Guocheng Yuan, Brown University

Cross-jet transport and mixing in a meandering jet

ABSTRACT: An f-plane, quasi-geostrophic, 2 1/2 layer model is used to examine whether cross-jet transport can be enhanced at depth in a surface-intensified ocean jet, similar to the Gulf Stream. By using dynamical systems techniques, we find that cross-jet transport can be enhanced in the lower layer, but only when the vertical shear is sufficiently strong. Some preliminary results for understanding the role of transport barriers in controlling potential vorticity mixing will also be presented.

Special Seminar (NOTE DAY:  FRIDAY, November 22, 2002  (12.15 pm; Room 1207 Energy Research Building)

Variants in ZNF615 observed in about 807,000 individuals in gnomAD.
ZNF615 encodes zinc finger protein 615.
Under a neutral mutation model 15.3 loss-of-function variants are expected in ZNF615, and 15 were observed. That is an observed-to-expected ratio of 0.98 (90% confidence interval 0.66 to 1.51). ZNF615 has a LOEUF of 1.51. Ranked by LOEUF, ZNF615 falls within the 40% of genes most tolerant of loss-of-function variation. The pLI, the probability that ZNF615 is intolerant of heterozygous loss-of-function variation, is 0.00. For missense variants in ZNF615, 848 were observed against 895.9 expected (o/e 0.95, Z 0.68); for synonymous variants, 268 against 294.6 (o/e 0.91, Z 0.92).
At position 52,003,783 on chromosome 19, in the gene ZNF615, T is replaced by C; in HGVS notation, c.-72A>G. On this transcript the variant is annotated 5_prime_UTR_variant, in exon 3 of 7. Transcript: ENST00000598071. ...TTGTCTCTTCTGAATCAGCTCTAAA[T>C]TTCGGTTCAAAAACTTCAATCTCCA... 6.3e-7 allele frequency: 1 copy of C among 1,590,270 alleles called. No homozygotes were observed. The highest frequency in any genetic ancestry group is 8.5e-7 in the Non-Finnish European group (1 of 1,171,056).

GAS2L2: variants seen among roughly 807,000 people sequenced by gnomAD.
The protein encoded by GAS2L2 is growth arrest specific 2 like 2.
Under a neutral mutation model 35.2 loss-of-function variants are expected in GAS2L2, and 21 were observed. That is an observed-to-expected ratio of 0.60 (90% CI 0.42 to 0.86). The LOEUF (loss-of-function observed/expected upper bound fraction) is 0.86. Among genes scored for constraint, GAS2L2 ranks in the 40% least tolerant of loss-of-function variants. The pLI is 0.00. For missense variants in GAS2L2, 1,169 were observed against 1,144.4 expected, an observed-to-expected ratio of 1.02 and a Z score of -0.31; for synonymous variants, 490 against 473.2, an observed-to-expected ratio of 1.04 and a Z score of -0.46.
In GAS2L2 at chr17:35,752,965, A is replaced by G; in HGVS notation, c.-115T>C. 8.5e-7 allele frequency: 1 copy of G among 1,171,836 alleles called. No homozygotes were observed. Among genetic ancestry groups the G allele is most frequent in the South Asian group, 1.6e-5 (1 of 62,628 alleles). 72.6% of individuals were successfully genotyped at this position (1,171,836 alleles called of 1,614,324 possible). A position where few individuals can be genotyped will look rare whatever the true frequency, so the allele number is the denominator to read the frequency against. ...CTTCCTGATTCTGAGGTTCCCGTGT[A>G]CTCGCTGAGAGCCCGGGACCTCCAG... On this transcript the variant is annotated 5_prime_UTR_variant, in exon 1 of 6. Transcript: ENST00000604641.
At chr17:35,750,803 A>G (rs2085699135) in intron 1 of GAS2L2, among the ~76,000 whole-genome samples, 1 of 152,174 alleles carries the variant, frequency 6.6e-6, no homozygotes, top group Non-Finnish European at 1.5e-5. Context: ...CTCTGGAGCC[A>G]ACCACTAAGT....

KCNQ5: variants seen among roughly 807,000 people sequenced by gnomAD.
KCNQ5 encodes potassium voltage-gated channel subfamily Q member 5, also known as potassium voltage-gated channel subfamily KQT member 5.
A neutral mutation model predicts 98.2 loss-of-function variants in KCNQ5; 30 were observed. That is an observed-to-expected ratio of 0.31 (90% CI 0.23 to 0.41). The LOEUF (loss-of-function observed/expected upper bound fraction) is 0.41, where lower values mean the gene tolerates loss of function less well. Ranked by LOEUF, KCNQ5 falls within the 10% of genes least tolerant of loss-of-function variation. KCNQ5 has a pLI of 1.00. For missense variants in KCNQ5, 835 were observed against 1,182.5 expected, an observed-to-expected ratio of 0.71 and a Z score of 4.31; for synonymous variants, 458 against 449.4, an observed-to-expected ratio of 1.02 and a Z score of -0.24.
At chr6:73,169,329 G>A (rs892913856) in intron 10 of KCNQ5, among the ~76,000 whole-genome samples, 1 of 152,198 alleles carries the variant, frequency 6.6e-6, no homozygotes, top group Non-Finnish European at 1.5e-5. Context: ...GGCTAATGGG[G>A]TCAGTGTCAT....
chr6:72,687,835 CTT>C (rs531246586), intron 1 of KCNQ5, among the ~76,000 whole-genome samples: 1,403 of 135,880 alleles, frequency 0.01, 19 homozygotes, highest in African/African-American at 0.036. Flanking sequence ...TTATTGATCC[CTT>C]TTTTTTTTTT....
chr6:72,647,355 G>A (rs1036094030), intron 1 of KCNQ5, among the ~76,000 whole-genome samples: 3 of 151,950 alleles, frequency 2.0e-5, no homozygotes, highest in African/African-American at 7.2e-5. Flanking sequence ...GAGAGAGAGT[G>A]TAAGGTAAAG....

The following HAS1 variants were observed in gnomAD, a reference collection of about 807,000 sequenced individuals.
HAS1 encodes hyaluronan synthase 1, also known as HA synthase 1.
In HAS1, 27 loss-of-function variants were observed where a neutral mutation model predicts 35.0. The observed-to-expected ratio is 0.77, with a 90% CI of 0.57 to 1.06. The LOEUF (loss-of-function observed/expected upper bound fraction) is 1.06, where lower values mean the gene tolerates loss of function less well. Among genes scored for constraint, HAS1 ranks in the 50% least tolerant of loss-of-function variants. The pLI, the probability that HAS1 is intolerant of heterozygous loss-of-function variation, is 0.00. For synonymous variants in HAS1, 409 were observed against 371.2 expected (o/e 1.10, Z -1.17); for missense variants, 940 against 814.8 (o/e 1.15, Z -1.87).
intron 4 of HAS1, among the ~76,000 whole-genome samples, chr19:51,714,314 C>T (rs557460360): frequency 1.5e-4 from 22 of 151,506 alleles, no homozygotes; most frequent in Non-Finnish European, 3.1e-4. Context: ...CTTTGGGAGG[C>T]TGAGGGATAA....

Detlef Lohse, Univeristy of Twente

Rayleigh-Benard convection

Informal Statistical Physics seminar (due to a scheduling mistake, this talk was originally also scheduled for Dec 5):

Tuesday, November 26, 2002  (1.15 pm; Room 1116 IPST building)

Steven Schiff, Krasnow Institute, George Mason University

Relating Bad Brains, Rocks, and Gases -- Are Seizures Phase

Special seminar (NOTE DAY+TIME): WEDNESDAY, November 27, 2002  (2 pm; Room 1207 Energy Research Building)

Tomas Bohr, Technical University of Denmark

Structure formation in laminar fluid flow: the creation of corners, cusps and needles

Thursday, December 5, 2002  (12.15 pm; Room 1207 Energy Research Building)

Romulus Breban, UMCP

Scaling Properties of the Indeterminate Saddle-Node Bifurcation 

Thursday, December 12, 2002  (12.15 pm; Room 1207 Energy Research Building)

Bob Behringer, Duke University

Fluctuations, rate-dependence, and jamming in dense granular materials.